Website update for December,
It is the beginning of Christmas season as this is written, and American families are emptying out bank balances in the tiresome purchase of obligatory gifts. But along with almost two thousand years of Christmas seasons, we have had a parallel two thousand years of wretched, miserable, annihilating, repetitive warfare over the entire blighted world, sparing virtually no one. Will it never end?
If you are reading or
watching news, you have before you a generous selection of stories about current
wars and threats of war. Some of this may even involve us Americans, imagine.
Reaching back a couple of decades, you will recollect successive invasions by US
military forces of a faraway country called Iraq, an invasion carried out under
political justifications that seem, to say the least, vaguely inadequate. A huge
amount of damage, whether deliberate or not, was done to that country and its
luckless people by our political and military actions. We bring all this up to
suggest a small way you yourself in this Christmas season might personally help
unfortunates of that war-wrecked country.
for Peace Iraq Water Project was
created many years ago to help address the disastrous absence of clean water
throughout that nation, one of the legacies of US Iraq policy. Contaminated
water hospitalized thirty thousand people this summer in Basra alone and
scarcely any part of Iraq has accessible clean water. Many of the hospitals
themselves lack decent water. In past years our project has placed 170 small
treatment units, ultraviolet and reverse osmosis, in Iraqi institutions,
primarily clinics and schools. We are the fundraising arm here in the states;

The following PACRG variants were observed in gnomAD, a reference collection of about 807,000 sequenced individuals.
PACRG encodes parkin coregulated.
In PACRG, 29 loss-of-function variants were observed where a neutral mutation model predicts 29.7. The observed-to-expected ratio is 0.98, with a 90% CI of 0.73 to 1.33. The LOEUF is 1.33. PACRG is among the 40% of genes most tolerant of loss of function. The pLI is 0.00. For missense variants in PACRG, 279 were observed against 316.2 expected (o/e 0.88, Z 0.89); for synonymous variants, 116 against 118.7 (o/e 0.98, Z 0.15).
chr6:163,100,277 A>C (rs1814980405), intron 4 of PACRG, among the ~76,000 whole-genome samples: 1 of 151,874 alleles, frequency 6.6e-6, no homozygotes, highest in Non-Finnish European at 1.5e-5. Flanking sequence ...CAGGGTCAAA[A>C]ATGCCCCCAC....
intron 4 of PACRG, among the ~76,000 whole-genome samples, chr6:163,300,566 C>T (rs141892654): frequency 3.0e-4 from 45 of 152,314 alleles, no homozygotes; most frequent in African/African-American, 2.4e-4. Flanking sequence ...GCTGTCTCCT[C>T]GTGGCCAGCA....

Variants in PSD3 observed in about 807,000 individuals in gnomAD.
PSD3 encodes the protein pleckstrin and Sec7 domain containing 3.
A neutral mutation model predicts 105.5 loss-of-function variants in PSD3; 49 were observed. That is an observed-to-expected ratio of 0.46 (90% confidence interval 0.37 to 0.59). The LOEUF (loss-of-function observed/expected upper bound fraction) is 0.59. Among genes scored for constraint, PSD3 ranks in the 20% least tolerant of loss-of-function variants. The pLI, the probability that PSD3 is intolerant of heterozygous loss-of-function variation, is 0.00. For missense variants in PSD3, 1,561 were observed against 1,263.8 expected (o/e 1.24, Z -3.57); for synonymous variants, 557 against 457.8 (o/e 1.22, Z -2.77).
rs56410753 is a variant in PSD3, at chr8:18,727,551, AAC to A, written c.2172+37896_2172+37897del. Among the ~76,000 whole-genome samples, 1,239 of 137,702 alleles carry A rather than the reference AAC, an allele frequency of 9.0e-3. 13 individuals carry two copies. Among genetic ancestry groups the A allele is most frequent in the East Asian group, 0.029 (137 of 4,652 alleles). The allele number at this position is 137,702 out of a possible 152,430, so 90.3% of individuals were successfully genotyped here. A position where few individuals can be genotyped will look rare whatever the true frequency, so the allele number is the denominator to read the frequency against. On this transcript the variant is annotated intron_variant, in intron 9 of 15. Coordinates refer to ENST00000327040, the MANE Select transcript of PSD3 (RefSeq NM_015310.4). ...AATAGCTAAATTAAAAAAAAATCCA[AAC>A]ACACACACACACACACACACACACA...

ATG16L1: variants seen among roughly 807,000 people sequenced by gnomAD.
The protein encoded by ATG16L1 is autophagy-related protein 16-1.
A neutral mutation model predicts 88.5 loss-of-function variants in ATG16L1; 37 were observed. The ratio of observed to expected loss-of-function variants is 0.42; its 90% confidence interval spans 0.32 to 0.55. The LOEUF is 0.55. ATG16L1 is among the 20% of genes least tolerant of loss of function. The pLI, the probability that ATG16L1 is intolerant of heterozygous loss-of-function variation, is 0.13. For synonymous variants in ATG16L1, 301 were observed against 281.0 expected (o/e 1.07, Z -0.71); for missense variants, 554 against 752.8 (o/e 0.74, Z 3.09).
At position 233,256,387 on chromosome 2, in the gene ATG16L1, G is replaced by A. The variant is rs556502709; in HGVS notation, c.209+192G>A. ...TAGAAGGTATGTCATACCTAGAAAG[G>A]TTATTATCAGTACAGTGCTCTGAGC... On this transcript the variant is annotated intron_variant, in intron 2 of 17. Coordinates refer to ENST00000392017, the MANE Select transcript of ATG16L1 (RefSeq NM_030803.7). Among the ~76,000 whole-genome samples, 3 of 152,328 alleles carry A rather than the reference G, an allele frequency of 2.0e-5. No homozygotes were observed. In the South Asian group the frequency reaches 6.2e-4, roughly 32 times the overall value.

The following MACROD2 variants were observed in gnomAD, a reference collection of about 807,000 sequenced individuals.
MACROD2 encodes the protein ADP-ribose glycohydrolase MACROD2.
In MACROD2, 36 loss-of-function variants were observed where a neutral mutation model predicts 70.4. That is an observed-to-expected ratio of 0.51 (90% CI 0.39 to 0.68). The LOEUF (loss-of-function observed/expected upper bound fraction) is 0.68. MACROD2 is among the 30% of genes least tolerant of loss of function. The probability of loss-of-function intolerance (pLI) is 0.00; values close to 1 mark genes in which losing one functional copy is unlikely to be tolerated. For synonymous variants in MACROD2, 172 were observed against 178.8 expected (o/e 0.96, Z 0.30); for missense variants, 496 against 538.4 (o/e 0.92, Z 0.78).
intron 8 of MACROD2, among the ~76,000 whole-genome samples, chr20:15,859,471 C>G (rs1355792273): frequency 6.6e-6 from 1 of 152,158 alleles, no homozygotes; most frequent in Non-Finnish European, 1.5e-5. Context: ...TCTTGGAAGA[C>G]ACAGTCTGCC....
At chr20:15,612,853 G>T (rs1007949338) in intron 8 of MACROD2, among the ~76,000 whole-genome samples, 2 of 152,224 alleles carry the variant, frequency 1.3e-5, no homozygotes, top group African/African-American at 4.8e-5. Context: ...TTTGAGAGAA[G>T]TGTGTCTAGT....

the actual work is undertaken by cooperating NGOs on the ground in Iraq, that
is, by Iraqis themselves. To the extent possible additional money is sent into
Iraq for maintenance and repair of previously installed water filters.
of compulsive honesty, we have to acknowledge that not all this effort is
successful; we do have failures. Anyone insisting on a guarantee his donation
will be without risk needs to look somewhere else. Iraq is unstable and
downright dangerous in many areas in contrast to what the Polyanna war hawks
predicted back when. Whatever the rationale, US policy annihilated a functioning
government that had once at least minimally taken care of its population. Then
we came. You know who I mean by “we”.
irrespective of the moral purpose of IWP, that is, whether it is seen as a
humanitarian gesture or a form of reparation, at least some Iraqis some of the
time have access to clean potable water once one of our units finds its way to a
school or clinic.
Since last report (Feb 2018) IWP has accomplished the following: our friends in Nasiriya drove up to Baghdad to install reverse osmosis units in two local schools, alSarmed (mixed boys and girls) and Yafa school for girls. The first of these school, alSarmed is in a very poor neighborhood of Baghdad, yet its dedicated staff somehow managed to raise money for an extensive refurbishment of the building and for other improvements. We were very glad to help out by providing clean water. Extra filters were left at each of these schools.
same Nasiriya installers repaired 14 previously placed units at 8 sites. (Not
all of these were IWP installations---go where the need is greatest.) We also
extended our monthly maintenance program for another year at 5 schools in Najaf.
This business of maintenance---caring for the puppy after you bring it home—is
a very important part of the work, less “glamorous” than the initial
placements, and you don’t get a lot of impressive action photos. It is also
plenty difficult in the chaotic conditions of contemporary Iraq. We are entirely
mindful of the need.
the coming year IWP hopes to struggle over and around the obstacles and continue
its work, however small. This brings us back to Christmas. Can you help us help
them? Much more information is
available here on the website, and you will note a donation button for credit
card use. Checks made out to Iraq Water Project can be mailed to Veterans for
Peace, 1404 North Broadway, St Louis MO 63102.
--Art Dorland, Chair, Iraq Water Project, Veterans For Peace